The root causes and long-term implications of climate change are settled science. For years, scientists have clearly and consistently documented and correlated the trending global increases of temperature with rising levels of carbon dioxide and other heat-trapping gases. The increasing presence of these gases in the earth’s atmosphere are the result of burning fossil fuels and the related effects of human industrialization.
Idaho Governor Brad Little is not ignorant to these facts. In responding to a climate change question at the Idaho Environmental Forum in Boise, on January 15, 2019, he said, “Climate is changing, there’s no question about it,” he said. “Sometimes what you do from a regulatory standpoint might be counter to what the right thing to do is, but you’ve got to recognize it. It’s here. We’ve just got to figure out how we’re going to cope with it. And we’ve got to slow it down. Now, reversing it is going to be a big darn job.”
Idaho is not Immune to Climate Change
It may seem that due to its geography, that Idaho has a certain immunity to the greater impacts of the climate crisis. For example, Idaho is not threatened by rising sea levels. However, as average temperatures slowly increase, the resulting changes in weather and long-range climate patterns will have a local impact. To clarify, weather is the state of the atmosphere from moment to moment and place to place. This phenomenon is the meteorological conditions that we experience every day. Climate, on the other hand, denotes the long-term environmental conditions imposed by weather that persist over time including changes in average seasonal temperatures and the consequential impacts of shifting seasonal weather patterns that result.
State Climate Study
These impacts are not theoretical. They are born out by the work of the National Oceanic and Atmospheric Administration. According to NOAA National Centers for Environmental Information’s most recent State Climate Summary for Idaho, in the coming century, the state will experience the following direct effects from climate change:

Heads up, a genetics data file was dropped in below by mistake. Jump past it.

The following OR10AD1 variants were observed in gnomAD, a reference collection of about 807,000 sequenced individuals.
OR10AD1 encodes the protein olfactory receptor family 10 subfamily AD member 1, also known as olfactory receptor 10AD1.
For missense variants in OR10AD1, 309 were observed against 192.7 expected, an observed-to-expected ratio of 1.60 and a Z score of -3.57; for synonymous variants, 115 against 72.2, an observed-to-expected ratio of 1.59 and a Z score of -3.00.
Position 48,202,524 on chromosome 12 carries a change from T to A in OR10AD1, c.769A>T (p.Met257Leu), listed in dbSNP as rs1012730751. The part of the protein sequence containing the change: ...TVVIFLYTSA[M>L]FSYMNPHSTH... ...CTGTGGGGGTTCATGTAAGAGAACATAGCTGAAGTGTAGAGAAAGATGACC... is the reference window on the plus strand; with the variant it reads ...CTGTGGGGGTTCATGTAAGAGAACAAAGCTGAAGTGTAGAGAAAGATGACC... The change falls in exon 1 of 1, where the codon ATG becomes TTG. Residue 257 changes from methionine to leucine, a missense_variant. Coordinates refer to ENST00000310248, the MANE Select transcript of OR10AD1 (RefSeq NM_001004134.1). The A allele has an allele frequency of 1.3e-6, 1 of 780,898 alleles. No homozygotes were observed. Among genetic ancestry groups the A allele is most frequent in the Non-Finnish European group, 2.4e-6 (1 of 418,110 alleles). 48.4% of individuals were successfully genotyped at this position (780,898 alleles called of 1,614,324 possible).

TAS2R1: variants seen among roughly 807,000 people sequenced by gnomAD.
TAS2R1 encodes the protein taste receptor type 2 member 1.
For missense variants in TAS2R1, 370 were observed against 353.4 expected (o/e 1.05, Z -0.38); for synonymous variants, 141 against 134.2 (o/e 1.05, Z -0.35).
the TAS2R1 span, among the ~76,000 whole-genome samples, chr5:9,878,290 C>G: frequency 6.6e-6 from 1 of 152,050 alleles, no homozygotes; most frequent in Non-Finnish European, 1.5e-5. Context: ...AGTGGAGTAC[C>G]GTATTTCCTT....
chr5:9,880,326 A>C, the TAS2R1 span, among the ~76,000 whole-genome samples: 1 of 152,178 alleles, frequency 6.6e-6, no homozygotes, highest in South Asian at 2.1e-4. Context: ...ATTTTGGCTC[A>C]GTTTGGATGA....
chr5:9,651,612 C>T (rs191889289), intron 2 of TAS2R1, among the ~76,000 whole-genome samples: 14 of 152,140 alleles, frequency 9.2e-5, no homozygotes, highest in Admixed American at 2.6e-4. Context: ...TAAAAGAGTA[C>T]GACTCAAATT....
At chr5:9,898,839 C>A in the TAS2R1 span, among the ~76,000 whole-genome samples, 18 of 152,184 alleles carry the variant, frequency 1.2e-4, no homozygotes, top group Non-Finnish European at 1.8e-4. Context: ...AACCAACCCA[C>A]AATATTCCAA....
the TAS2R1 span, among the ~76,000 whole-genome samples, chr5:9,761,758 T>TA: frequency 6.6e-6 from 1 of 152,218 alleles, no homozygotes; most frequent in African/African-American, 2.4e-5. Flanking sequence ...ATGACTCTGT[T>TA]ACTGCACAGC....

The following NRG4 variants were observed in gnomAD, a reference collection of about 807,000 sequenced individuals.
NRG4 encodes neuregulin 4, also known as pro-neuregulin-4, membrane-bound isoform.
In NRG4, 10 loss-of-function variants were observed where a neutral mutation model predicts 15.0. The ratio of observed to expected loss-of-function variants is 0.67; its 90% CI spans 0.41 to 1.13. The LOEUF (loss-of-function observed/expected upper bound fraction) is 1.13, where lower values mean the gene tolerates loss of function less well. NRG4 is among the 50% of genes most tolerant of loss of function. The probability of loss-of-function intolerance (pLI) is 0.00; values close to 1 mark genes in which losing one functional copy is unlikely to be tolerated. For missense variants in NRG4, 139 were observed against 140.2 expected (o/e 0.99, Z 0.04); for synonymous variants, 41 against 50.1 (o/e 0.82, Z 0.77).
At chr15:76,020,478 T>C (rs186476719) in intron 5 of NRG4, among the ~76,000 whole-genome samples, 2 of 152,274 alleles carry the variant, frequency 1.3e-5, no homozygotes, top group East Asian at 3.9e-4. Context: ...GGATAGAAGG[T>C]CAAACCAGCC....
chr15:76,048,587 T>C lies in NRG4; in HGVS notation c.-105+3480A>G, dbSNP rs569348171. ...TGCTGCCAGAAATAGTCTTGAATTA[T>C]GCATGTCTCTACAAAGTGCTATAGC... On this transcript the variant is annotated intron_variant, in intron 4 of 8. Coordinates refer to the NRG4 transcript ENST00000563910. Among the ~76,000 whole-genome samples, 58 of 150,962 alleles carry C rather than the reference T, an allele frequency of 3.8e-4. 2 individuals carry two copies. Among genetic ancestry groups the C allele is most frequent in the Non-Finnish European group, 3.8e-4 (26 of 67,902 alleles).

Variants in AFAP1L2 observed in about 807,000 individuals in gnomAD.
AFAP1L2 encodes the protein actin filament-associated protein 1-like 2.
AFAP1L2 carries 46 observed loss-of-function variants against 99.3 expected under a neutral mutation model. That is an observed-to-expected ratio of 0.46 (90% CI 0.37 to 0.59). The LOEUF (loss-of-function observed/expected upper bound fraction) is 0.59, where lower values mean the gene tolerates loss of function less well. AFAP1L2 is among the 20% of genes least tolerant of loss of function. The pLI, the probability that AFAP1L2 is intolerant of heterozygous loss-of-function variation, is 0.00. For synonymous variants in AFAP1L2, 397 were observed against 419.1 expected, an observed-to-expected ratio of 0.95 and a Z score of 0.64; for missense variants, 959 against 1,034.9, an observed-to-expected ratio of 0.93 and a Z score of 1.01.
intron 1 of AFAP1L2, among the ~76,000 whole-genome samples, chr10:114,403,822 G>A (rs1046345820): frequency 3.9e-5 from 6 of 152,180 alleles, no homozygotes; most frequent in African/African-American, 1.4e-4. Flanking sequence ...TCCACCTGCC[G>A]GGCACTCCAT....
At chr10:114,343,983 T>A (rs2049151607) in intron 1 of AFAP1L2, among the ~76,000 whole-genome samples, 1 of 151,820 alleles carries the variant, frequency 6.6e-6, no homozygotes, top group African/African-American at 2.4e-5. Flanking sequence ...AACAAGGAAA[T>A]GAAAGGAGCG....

- Average annual temperature has increased about 1.5°F since the beginning of the 20th century. Under a higher emissions pathway, historically unprecedented warming is projected by the end of the 21st century.
- Winter and spring precipitation is projected to increase over the next century. However, naturally occurring droughts are projected to be more intense because of warmer conditions, increasing the frequency and severity of wildfire occurrence.
- Higher temperatures are projected to cause more of the increased winter and spring precipitation to fall as rain instead of snow. These seasonal changes in precipitation may result in increased flood risks.
In other words, we can expect our winters to be warmer and wetter and our summers to be hotter and drier in the coming years. This will not just be an inconvenience. In fact, it will have severe implications for our economy and way of life. Yet, the specific long range ramifications are still unclear. That is why an economic meeting was convened in 2017 to discuss the changing environment and its future economic effects. This meeting was hosted by the James A. and Louise McClure Center for Public Policy Research at the University of Idaho. It ended with a two-year commitment to “synthesize all available data on projected changes to Idaho’s environment and then identify how these changes impact major economic sectors including agriculture, energy, human health, recreation and tourism, land and infrastructure.” This comprehensive assessment is still in process. However, background details about the assessment are available on the University of Idaho’s website under the title: How Climate Change Impacts Idaho’s Pocketbook.
Thankfully, most people (about 70%) accept the reality of climate change. In fact, the evidence is everywhere. It shows up as melting glaciers and ice sheets, historic flooding, extreme drought conditions, as well as record setting hurricanes and worsening fire conditions. So, choosing to reject the data is irrelevant at this point since Mother Nature is forcing us to take climate change seriously.
The Kootenai Democrats are working to promote public awareness of this critical global issue. In addition, we are pushing all levels of government to legislate policies that address its root causes and mitigate its potential impacts.